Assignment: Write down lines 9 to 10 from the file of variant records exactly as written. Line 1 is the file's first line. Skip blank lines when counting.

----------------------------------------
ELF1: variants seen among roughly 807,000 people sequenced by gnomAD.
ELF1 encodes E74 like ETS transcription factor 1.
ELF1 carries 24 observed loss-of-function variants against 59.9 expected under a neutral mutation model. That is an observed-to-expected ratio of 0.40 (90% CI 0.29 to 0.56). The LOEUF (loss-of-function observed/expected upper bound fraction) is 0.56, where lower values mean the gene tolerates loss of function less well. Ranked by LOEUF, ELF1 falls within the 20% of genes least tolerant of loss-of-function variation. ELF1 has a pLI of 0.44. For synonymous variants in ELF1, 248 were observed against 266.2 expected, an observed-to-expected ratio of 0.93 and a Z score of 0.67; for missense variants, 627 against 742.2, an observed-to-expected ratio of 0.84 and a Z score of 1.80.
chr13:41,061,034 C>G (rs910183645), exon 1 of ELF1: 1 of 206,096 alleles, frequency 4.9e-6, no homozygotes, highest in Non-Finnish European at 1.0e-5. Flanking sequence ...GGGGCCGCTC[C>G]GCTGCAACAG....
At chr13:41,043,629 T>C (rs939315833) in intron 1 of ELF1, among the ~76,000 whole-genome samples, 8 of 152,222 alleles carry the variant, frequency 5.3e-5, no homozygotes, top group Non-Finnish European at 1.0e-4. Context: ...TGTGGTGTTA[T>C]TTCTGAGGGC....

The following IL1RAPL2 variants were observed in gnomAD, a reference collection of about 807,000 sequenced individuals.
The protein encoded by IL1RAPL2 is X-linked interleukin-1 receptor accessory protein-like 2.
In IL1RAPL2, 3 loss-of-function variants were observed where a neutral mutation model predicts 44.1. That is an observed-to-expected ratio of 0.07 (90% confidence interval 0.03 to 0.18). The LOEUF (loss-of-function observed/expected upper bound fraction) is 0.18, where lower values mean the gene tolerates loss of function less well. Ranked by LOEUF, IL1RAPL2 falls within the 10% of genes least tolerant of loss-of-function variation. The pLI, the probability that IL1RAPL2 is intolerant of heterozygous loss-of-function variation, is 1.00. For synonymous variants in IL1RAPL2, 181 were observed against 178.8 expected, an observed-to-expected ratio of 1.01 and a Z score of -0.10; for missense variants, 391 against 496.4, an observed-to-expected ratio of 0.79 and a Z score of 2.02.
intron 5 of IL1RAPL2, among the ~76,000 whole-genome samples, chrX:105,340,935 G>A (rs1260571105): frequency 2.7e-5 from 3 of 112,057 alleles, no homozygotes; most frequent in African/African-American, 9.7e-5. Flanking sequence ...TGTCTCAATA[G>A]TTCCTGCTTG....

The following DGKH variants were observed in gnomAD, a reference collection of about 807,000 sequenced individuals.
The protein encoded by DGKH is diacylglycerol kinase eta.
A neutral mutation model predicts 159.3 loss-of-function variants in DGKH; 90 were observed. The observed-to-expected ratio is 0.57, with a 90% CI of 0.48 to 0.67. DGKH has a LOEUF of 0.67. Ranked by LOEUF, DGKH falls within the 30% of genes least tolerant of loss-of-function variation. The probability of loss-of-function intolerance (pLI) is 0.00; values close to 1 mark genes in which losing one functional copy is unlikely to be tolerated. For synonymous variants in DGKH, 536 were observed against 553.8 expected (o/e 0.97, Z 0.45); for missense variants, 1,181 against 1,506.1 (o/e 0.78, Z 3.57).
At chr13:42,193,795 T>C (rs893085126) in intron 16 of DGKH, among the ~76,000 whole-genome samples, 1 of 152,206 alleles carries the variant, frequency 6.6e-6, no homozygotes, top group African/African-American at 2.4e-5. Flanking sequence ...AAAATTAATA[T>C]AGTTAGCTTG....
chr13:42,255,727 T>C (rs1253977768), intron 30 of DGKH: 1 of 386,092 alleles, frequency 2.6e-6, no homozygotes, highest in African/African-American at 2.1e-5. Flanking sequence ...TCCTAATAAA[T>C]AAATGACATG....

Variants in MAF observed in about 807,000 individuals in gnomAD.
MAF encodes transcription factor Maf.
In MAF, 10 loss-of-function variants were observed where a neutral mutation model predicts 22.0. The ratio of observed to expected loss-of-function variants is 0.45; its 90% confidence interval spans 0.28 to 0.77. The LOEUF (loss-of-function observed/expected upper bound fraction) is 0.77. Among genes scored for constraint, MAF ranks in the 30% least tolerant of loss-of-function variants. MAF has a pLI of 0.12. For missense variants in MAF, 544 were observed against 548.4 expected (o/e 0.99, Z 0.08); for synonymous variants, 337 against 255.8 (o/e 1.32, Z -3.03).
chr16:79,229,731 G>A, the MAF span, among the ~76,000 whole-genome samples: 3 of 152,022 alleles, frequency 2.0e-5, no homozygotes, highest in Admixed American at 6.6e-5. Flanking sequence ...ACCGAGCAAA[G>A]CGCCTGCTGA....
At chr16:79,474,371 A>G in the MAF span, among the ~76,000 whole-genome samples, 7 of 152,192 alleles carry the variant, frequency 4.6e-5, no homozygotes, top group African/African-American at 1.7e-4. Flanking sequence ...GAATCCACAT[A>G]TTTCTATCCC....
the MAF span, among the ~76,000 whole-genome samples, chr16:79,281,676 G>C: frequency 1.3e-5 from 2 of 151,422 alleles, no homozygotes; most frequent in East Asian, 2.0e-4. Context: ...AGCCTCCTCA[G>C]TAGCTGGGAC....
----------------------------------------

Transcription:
intron 5 of IL1RAPL2, among the ~76,000 whole-genome samples, chrX:105,340,935 G>A (rs1260571105): frequency 2.7e-5 from 3 of 112,057 alleles, no homozygotes; most frequent in African/African-American, 9.7e-5. Flanking sequence ...TGTCTCAATA[G>A]TTCCTGCTTG....

The following DGKH variants were observed in gnomAD, a reference collection of about 807,000 sequenced individuals.